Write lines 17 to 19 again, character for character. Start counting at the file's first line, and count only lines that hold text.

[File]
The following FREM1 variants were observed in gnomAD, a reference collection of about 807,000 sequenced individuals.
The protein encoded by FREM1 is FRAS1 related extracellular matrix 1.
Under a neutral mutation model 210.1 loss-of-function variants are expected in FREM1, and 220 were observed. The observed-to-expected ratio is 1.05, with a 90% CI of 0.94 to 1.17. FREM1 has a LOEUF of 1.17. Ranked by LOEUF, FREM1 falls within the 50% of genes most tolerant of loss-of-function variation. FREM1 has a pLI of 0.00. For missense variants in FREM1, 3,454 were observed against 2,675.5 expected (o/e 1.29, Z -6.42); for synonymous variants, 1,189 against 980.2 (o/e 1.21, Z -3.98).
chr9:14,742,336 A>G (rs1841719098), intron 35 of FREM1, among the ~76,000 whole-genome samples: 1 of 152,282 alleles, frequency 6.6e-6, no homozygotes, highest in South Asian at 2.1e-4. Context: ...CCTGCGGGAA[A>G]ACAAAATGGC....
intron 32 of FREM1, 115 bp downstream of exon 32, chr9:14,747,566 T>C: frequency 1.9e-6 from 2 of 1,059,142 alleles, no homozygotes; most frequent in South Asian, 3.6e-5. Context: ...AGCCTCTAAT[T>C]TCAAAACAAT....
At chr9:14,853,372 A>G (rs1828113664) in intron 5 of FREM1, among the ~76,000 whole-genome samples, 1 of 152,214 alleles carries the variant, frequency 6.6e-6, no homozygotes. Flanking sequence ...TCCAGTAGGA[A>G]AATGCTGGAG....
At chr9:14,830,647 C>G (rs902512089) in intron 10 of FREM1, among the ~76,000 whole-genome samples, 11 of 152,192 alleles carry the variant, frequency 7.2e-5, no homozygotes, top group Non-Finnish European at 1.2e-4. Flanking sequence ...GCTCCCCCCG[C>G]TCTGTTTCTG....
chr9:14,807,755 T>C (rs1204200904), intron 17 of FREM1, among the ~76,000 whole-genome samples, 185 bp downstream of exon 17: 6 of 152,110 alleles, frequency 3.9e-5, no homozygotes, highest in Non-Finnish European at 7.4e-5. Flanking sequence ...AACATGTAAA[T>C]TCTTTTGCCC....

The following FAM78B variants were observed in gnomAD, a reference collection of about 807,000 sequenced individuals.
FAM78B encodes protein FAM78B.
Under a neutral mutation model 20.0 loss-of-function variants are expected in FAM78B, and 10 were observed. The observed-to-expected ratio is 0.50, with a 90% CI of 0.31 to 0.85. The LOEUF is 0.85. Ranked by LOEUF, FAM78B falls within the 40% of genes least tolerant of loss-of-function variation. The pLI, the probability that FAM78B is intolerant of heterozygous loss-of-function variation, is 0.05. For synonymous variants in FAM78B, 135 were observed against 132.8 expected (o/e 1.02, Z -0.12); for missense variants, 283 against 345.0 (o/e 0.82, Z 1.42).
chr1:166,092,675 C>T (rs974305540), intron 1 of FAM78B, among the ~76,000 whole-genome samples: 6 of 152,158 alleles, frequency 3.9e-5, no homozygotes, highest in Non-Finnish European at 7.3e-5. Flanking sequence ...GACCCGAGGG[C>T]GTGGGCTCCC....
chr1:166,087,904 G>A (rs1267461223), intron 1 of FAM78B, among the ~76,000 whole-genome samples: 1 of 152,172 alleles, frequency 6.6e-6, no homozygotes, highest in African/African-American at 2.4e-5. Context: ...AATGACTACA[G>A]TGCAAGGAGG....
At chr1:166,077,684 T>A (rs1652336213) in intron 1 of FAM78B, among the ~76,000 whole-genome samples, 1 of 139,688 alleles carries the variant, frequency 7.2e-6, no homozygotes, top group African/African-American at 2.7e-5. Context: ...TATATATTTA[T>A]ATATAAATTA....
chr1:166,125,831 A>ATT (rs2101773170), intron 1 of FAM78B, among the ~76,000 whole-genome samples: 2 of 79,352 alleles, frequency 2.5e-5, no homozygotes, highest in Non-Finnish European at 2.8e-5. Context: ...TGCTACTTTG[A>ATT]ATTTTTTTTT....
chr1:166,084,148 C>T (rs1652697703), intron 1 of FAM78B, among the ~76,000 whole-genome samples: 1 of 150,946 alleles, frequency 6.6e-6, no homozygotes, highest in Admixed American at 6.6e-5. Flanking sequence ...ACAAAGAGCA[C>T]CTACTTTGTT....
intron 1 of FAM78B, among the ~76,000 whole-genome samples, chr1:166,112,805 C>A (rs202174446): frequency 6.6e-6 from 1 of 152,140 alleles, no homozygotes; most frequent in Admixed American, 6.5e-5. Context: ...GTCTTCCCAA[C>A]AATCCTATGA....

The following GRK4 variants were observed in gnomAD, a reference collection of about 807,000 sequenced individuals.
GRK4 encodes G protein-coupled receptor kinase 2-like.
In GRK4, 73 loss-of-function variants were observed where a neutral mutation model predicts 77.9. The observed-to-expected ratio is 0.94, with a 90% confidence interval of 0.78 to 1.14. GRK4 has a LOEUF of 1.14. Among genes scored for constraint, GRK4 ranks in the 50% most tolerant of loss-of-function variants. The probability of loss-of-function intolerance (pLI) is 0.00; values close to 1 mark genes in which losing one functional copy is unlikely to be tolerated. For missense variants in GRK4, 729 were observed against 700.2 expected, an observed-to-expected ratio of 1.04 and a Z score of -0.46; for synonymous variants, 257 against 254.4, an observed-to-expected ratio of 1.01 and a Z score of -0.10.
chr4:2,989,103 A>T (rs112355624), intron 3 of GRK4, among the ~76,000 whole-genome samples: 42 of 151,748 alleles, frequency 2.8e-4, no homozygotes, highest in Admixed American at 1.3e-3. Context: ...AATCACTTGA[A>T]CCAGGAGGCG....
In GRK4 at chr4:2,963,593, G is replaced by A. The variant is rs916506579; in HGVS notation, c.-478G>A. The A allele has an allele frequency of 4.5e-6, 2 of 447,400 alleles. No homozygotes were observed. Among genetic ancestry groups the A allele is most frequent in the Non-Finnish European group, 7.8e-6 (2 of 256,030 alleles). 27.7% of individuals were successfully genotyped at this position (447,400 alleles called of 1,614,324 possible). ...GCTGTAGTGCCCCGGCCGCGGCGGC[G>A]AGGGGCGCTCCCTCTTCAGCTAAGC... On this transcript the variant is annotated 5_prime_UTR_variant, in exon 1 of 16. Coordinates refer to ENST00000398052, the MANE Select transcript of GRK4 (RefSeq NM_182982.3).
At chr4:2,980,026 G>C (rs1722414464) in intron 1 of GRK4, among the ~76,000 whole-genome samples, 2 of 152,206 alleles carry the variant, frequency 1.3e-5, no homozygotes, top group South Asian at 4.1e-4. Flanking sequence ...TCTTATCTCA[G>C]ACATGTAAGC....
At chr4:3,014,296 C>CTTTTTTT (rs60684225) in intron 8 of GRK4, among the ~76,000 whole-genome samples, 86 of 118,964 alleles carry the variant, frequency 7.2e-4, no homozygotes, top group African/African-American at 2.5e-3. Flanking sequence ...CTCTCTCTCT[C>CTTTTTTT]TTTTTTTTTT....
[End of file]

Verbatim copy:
intron 1 of FAM78B, among the ~76,000 whole-genome samples, chr1:166,112,805 C>A (rs202174446): frequency 6.6e-6 from 1 of 152,140 alleles, no homozygotes; most frequent in Admixed American, 6.5e-5. Context: ...GTCTTCCCAA[C>A]AATCCTATGA....

The following GRK4 variants were observed in gnomAD, a reference collection of about 807,000 sequenced individuals.
GRK4 encodes G protein-coupled receptor kinase 2-like.